Gyang Bere, Jos
Fulani and Berom communities in Barkin-Ladi and Riyom local government areas of Plateau State have called on Federal government to beef up security in the villages to guarantee violence-free farming season.
The community leaders spoke on Friday during a conflict sensitisation workshop for religious, traditional and community leaders organised by Search For Common Ground Nigeria and facilitated by the Project Officer, Ishaku Shuiabu. The event held in Riyom Local Government Area of Plateau State.
A leader of Berom Women Development Association (BEWDA) Riyom LGA, Deborah Emmanuel, lamented that several persons, mostly women, children and the aged have perished during several herdsmen attacks in the local government.
“Women in Riyom and Barkin-Ladi are pleading with Federal government to put in place necessary security measures to enable us to go to our farms.
“The workshop put together by Search for Common Ground will help in inculcating the culture of tolerance and mutual understanding between farmers and herdsmen in the state.”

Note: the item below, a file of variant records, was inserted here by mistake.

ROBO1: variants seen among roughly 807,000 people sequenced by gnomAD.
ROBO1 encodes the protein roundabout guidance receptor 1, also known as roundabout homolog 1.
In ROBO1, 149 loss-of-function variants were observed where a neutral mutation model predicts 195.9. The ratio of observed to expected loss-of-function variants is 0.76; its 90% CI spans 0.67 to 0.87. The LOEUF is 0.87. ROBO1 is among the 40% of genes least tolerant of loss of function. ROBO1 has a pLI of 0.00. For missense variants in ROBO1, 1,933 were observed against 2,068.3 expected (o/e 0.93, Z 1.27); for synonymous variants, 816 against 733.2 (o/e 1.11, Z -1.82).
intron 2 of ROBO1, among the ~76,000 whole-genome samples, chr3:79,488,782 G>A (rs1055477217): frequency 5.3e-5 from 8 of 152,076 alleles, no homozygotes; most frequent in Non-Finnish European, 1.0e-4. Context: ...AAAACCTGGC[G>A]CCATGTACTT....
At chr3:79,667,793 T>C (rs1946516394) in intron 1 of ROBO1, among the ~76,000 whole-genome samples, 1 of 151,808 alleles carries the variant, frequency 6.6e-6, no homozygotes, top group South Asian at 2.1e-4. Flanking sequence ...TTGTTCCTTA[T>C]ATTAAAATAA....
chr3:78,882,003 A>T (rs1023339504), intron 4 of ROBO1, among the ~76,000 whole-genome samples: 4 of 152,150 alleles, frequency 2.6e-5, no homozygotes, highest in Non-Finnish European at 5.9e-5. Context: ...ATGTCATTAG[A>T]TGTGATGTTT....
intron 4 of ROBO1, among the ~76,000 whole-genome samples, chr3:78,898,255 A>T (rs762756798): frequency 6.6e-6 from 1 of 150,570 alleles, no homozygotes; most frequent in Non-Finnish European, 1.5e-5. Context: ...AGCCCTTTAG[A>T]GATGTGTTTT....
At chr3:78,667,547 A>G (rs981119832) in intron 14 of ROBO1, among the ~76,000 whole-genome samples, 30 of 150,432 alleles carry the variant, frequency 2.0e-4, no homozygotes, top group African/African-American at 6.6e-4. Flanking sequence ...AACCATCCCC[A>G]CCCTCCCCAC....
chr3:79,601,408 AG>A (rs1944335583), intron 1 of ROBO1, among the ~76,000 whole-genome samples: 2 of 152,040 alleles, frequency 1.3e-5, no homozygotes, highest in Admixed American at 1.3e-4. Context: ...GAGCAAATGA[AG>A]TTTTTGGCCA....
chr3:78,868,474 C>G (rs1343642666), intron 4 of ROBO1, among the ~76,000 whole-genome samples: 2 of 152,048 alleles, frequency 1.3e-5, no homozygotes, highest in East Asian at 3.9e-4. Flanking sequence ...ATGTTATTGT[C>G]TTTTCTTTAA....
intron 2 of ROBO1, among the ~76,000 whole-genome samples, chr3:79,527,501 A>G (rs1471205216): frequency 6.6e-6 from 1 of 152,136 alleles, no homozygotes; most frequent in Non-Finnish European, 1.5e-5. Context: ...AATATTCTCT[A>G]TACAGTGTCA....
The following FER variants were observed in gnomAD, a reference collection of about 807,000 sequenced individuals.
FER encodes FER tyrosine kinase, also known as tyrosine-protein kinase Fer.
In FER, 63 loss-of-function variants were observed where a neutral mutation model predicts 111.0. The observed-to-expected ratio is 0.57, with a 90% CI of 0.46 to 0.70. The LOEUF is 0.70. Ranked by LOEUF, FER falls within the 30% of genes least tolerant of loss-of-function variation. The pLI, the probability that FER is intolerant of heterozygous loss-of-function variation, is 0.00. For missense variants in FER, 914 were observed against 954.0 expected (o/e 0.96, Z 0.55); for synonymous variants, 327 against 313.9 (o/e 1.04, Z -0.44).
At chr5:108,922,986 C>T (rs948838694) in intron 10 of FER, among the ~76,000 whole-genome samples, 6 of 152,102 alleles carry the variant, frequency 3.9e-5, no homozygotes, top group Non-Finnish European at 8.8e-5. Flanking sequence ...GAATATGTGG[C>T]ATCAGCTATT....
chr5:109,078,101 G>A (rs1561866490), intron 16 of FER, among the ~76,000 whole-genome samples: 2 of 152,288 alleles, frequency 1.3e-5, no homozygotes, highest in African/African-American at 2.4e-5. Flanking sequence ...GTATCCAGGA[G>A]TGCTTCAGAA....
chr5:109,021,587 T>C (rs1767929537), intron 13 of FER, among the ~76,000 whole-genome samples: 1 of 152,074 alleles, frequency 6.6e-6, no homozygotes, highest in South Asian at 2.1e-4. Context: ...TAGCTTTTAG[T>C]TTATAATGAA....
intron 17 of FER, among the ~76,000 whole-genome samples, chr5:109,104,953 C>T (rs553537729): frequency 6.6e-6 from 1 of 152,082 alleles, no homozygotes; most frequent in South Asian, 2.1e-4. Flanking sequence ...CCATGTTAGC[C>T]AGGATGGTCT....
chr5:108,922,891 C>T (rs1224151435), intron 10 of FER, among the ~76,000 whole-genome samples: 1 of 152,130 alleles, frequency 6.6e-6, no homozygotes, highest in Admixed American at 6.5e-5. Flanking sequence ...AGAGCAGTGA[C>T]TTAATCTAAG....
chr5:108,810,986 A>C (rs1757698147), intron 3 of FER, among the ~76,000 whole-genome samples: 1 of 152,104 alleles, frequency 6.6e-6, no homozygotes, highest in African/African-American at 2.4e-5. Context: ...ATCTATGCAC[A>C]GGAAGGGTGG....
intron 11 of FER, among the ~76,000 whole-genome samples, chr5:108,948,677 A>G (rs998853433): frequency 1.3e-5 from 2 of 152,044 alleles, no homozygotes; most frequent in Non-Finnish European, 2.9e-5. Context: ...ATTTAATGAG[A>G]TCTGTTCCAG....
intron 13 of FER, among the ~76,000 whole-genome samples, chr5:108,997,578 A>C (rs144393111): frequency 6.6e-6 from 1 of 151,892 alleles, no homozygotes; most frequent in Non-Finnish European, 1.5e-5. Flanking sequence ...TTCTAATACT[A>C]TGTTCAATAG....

Chairman, Miyetti Allah Cattle Breeders Association of Nigeria (MACBAN), Riyom Local Government Area, Alh Mato Ibrahim, challenged the Fulani and the natives to return to the old culture of tolerance where there was inter-marriage between the Fulani and the natives.
He said for there to be permanent peace, the Fulani and the Berom community in Riyom and Barkin-Ladi should forgive each other and come up with a common ground that will foster peaceful co-existence.
Alh Ibrahim said the Federal government should take proactive steps in punishing those who have been found wanting in the crisis in Riyom and Barkin-Ladi local government to serve as a deterrent to other perpetrators.
A representative of National Orientation Agency, Plateau State, Susan Nuffy, called for the establishment of a formidable security force in the rural communities to protect farmers and herdsmen now that the farming season has come.
She explained that farmers in respective communities in Barkin-Ladi are exercising fear of going to their farms especially now that the raining season is gradually coming up.
Principal Research Officer of National Human Rights Commission, Plateau State, Alubo Innocent, said the Fulani and the natives need to respect the rights of each other for there to be enduring peace.
He said the two communities need to understand that it is wrong to destroy crops or graze on farmers’ fields while the farmers need to know that it is wrong to kill or rustle cattle that belong to the Fulani.